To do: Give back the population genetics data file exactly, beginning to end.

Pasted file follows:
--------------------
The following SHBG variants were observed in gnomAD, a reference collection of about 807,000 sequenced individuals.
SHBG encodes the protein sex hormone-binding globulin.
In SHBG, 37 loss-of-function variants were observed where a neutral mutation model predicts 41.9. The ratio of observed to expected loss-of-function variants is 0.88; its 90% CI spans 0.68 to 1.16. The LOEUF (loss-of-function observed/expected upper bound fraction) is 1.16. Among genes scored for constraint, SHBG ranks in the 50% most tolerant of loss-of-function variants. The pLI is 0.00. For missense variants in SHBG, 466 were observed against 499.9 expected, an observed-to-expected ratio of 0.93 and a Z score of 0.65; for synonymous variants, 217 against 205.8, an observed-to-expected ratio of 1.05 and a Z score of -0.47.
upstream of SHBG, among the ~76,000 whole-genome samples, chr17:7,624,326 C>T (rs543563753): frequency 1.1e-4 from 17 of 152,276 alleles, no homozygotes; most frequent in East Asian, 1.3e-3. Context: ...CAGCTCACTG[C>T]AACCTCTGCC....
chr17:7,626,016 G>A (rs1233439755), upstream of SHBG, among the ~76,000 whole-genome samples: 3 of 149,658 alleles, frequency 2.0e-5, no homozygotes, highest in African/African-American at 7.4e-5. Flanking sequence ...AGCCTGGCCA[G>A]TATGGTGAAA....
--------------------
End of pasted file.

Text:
The following SHBG variants were observed in gnomAD, a reference collection of about 807,000 sequenced individuals.
SHBG encodes the protein sex hormone-binding globulin.
In SHBG, 37 loss-of-function variants were observed where a neutral mutation model predicts 41.9. The ratio of observed to expected loss-of-function variants is 0.88; its 90% CI spans 0.68 to 1.16. The LOEUF (loss-of-function observed/expected upper bound fraction) is 1.16. Among genes scored for constraint, SHBG ranks in the 50% most tolerant of loss-of-function variants. The pLI is 0.00. For missense variants in SHBG, 466 were observed against 499.9 expected, an observed-to-expected ratio of 0.93 and a Z score of 0.65; for synonymous variants, 217 against 205.8, an observed-to-expected ratio of 1.05 and a Z score of -0.47.
upstream of SHBG, among the ~76,000 whole-genome samples, chr17:7,624,326 C>T (rs543563753): frequency 1.1e-4 from 17 of 152,276 alleles, no homozygotes; most frequent in East Asian, 1.3e-3. Context: ...CAGCTCACTG[C>T]AACCTCTGCC....
chr17:7,626,016 G>A (rs1233439755), upstream of SHBG, among the ~76,000 whole-genome samples: 3 of 149,658 alleles, frequency 2.0e-5, no homozygotes, highest in African/African-American at 7.4e-5. Flanking sequence ...AGCCTGGCCA[G>A]TATGGTGAAA....